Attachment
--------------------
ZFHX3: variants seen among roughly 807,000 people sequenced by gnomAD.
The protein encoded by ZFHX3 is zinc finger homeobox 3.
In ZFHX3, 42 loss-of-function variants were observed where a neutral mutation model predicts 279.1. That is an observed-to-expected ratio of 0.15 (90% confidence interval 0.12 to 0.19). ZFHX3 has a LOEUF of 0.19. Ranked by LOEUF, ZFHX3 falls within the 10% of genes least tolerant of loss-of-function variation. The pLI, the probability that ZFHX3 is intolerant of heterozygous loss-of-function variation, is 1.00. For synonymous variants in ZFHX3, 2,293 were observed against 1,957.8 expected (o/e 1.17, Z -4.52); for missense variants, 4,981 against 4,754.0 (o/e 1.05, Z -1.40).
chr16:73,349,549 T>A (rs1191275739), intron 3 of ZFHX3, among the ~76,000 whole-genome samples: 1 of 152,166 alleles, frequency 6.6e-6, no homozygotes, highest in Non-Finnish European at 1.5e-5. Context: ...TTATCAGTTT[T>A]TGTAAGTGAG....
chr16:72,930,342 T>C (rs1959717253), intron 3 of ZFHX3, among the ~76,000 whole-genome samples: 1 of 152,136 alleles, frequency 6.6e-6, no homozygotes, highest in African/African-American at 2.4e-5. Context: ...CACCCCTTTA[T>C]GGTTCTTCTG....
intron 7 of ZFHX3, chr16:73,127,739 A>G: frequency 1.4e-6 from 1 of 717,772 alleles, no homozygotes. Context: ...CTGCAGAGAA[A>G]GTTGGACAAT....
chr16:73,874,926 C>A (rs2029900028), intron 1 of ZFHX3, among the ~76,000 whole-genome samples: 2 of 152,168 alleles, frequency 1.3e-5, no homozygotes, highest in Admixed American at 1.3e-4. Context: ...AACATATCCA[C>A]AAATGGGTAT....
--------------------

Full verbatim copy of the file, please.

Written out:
ZFHX3: variants seen among roughly 807,000 people sequenced by gnomAD.
The protein encoded by ZFHX3 is zinc finger homeobox 3.
In ZFHX3, 42 loss-of-function variants were observed where a neutral mutation model predicts 279.1. That is an observed-to-expected ratio of 0.15 (90% confidence interval 0.12 to 0.19). ZFHX3 has a LOEUF of 0.19. Ranked by LOEUF, ZFHX3 falls within the 10% of genes least tolerant of loss-of-function variation. The pLI, the probability that ZFHX3 is intolerant of heterozygous loss-of-function variation, is 1.00. For synonymous variants in ZFHX3, 2,293 were observed against 1,957.8 expected (o/e 1.17, Z -4.52); for missense variants, 4,981 against 4,754.0 (o/e 1.05, Z -1.40).
chr16:73,349,549 T>A (rs1191275739), intron 3 of ZFHX3, among the ~76,000 whole-genome samples: 1 of 152,166 alleles, frequency 6.6e-6, no homozygotes, highest in Non-Finnish European at 1.5e-5. Context: ...TTATCAGTTT[T>A]TGTAAGTGAG....
chr16:72,930,342 T>C (rs1959717253), intron 3 of ZFHX3, among the ~76,000 whole-genome samples: 1 of 152,136 alleles, frequency 6.6e-6, no homozygotes, highest in African/African-American at 2.4e-5. Context: ...CACCCCTTTA[T>C]GGTTCTTCTG....
intron 7 of ZFHX3, chr16:73,127,739 A>G: frequency 1.4e-6 from 1 of 717,772 alleles, no homozygotes. Context: ...CTGCAGAGAA[A>G]GTTGGACAAT....
chr16:73,874,926 C>A (rs2029900028), intron 1 of ZFHX3, among the ~76,000 whole-genome samples: 2 of 152,168 alleles, frequency 1.3e-5, no homozygotes, highest in Admixed American at 1.3e-4. Context: ...AACATATCCA[C>A]AAATGGGTAT....